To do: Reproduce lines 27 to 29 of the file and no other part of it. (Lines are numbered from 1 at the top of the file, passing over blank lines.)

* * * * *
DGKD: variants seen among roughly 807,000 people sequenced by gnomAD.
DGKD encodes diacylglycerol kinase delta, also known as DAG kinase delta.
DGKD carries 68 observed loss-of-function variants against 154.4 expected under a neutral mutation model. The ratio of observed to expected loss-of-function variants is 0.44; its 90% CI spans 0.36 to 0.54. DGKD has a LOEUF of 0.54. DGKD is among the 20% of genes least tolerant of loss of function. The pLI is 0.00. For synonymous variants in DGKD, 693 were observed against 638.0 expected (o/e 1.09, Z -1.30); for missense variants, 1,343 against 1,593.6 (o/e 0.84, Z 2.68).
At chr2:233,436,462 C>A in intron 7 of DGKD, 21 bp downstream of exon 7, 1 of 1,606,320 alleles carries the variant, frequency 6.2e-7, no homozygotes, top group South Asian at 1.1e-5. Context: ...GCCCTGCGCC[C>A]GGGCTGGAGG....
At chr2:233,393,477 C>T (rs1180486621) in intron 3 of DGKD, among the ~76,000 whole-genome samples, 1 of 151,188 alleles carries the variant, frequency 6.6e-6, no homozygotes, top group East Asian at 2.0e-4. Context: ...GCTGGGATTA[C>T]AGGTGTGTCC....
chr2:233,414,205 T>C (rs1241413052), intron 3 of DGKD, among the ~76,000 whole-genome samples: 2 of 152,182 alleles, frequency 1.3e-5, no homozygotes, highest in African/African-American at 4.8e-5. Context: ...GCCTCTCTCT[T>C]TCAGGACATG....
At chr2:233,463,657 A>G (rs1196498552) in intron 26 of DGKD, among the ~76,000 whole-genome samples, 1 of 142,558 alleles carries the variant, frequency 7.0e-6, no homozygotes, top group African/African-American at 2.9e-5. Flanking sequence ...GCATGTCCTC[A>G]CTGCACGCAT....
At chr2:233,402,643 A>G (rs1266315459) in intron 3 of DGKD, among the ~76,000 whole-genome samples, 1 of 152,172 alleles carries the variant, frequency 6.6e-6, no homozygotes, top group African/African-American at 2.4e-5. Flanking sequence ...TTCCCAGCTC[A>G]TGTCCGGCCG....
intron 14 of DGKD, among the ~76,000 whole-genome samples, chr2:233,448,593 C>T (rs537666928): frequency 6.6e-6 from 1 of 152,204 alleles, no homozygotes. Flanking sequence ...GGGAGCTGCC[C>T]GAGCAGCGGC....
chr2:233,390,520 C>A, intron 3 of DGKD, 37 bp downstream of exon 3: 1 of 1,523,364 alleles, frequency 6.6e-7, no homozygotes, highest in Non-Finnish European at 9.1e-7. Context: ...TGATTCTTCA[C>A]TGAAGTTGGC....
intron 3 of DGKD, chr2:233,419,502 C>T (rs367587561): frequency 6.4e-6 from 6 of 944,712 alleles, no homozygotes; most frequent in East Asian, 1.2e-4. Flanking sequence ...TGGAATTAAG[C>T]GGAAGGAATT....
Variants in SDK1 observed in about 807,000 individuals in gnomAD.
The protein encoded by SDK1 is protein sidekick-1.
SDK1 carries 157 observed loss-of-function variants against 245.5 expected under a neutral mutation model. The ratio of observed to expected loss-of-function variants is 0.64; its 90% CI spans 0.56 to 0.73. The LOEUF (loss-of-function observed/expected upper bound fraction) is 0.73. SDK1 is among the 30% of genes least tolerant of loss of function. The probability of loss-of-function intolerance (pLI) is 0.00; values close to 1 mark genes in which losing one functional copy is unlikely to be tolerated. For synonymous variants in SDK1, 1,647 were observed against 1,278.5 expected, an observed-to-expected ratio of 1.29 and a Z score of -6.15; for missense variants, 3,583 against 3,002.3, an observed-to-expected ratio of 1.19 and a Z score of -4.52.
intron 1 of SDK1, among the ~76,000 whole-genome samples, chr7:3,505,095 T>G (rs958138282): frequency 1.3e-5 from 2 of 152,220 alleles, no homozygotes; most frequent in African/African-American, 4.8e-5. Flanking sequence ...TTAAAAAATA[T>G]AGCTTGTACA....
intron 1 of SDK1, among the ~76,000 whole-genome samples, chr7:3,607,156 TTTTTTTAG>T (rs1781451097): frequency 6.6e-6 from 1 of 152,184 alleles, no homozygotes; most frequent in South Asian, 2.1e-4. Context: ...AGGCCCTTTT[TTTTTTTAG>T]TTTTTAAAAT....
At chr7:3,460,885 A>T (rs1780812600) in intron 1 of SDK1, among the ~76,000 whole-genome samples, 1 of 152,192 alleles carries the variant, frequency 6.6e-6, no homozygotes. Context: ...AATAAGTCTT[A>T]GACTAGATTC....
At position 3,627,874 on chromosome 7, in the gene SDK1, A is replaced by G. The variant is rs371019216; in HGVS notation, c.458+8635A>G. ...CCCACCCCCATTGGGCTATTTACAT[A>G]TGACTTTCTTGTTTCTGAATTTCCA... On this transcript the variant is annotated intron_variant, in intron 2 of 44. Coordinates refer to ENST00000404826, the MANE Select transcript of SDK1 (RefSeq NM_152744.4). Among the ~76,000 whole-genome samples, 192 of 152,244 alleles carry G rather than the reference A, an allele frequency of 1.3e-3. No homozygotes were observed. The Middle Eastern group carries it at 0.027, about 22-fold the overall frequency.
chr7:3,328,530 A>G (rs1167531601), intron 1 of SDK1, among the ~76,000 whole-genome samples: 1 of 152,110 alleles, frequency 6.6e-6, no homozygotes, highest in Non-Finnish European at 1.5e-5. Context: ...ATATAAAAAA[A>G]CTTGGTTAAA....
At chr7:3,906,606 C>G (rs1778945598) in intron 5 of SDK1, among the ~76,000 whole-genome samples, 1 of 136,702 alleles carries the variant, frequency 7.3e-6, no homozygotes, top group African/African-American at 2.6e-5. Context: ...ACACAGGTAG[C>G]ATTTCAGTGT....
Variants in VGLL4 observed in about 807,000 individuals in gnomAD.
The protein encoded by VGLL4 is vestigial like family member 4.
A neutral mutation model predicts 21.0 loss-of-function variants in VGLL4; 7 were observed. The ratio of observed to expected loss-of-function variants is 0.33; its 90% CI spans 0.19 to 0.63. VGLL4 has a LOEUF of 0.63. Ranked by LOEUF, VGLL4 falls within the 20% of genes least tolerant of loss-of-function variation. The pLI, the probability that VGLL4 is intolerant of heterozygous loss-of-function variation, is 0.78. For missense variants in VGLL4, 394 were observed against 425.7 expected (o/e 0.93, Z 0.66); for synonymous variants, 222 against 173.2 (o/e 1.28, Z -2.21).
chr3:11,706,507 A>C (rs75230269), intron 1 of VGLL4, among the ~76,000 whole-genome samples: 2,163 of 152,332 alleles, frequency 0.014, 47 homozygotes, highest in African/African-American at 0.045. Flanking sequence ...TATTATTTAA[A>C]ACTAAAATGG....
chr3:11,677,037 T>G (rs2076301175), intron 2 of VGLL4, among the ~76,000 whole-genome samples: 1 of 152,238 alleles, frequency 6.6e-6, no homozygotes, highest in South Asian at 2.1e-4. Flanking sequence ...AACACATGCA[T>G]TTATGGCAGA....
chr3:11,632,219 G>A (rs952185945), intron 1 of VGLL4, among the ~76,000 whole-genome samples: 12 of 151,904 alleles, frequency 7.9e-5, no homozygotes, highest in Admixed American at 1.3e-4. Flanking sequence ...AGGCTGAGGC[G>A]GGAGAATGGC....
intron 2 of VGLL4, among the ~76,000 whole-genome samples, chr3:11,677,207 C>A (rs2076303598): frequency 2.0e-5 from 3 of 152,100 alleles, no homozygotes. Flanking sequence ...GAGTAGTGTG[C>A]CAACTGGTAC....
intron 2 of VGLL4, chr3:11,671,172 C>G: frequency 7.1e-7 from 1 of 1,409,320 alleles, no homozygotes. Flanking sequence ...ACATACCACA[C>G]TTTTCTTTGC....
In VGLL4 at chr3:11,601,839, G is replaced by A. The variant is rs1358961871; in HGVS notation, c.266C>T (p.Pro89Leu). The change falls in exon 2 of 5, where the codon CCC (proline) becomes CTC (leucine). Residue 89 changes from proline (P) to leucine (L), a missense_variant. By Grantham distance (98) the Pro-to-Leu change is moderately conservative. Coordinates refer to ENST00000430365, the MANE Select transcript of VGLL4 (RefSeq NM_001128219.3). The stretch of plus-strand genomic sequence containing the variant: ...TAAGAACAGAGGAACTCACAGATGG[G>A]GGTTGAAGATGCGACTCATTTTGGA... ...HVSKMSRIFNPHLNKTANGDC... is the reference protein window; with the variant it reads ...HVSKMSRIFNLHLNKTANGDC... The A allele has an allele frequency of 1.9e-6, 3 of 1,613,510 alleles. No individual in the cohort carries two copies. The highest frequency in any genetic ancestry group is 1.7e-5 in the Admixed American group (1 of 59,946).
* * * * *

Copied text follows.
intron 2 of VGLL4, among the ~76,000 whole-genome samples, chr3:11,677,207 C>A (rs2076303598): frequency 2.0e-5 from 3 of 152,100 alleles, no homozygotes. Flanking sequence ...GAGTAGTGTG[C>A]CAACTGGTAC....
intron 2 of VGLL4, chr3:11,671,172 C>G: frequency 7.1e-7 from 1 of 1,409,320 alleles, no homozygotes. Flanking sequence ...ACATACCACA[C>G]TTTTCTTTGC....
In VGLL4 at chr3:11,601,839, G is replaced by A. The variant is rs1358961871; in HGVS notation, c.266C>T (p.Pro89Leu). The change falls in exon 2 of 5, where the codon CCC (proline) becomes CTC (leucine). Residue 89 changes from proline (P) to leucine (L), a missense_variant. By Grantham distance (98) the Pro-to-Leu change is moderately conservative. Coordinates refer to ENST00000430365, the MANE Select transcript of VGLL4 (RefSeq NM_001128219.3). The stretch of plus-strand genomic sequence containing the variant: ...TAAGAACAGAGGAACTCACAGATGG[G>A]GGTTGAAGATGCGACTCATTTTGGA... ...HVSKMSRIFNPHLNKTANGDC... is the reference protein window; with the variant it reads ...HVSKMSRIFNLHLNKTANGDC... The A allele has an allele frequency of 1.9e-6, 3 of 1,613,510 alleles. No individual in the cohort carries two copies. The highest frequency in any genetic ancestry group is 1.7e-5 in the Admixed American group (1 of 59,946).